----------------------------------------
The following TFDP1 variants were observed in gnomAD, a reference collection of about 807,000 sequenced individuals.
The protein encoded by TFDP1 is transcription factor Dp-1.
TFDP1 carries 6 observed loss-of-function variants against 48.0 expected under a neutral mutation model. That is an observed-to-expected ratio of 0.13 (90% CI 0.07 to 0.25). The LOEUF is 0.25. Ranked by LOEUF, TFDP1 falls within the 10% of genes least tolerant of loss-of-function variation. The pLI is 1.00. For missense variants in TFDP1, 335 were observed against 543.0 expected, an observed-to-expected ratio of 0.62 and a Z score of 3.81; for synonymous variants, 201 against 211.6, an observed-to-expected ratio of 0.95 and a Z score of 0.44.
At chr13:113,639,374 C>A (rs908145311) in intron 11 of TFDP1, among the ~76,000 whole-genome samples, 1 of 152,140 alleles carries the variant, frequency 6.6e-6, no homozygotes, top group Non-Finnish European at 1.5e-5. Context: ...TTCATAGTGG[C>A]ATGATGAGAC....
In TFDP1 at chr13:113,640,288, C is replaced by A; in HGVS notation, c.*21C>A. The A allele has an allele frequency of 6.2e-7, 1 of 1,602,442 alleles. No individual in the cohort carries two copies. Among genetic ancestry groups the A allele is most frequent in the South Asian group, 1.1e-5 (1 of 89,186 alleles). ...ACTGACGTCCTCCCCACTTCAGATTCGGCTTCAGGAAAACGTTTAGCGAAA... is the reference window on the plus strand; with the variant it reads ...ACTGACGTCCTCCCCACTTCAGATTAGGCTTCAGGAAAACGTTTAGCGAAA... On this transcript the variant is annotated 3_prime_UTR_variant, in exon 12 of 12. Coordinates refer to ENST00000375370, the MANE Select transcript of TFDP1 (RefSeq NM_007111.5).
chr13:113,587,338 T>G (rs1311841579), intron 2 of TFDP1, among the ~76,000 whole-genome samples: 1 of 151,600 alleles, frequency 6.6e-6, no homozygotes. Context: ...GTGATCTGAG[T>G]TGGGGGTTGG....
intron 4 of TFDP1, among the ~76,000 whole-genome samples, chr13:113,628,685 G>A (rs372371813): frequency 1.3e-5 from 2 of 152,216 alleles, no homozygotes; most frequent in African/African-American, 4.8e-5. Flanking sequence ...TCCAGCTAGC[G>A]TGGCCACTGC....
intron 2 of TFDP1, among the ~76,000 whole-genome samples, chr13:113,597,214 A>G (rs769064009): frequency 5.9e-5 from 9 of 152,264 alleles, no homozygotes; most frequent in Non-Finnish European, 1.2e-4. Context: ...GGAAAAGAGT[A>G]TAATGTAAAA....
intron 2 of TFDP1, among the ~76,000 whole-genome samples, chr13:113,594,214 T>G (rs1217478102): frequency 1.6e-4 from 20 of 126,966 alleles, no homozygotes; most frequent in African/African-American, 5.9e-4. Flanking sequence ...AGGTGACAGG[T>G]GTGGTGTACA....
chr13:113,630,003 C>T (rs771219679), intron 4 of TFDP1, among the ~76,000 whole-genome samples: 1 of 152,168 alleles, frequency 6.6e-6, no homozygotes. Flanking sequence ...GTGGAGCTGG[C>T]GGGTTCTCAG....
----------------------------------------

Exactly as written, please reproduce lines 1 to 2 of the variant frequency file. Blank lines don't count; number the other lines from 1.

The following TFDP1 variants were observed in gnomAD, a reference collection of about 807,000 sequenced individuals.
The protein encoded by TFDP1 is transcription factor Dp-1.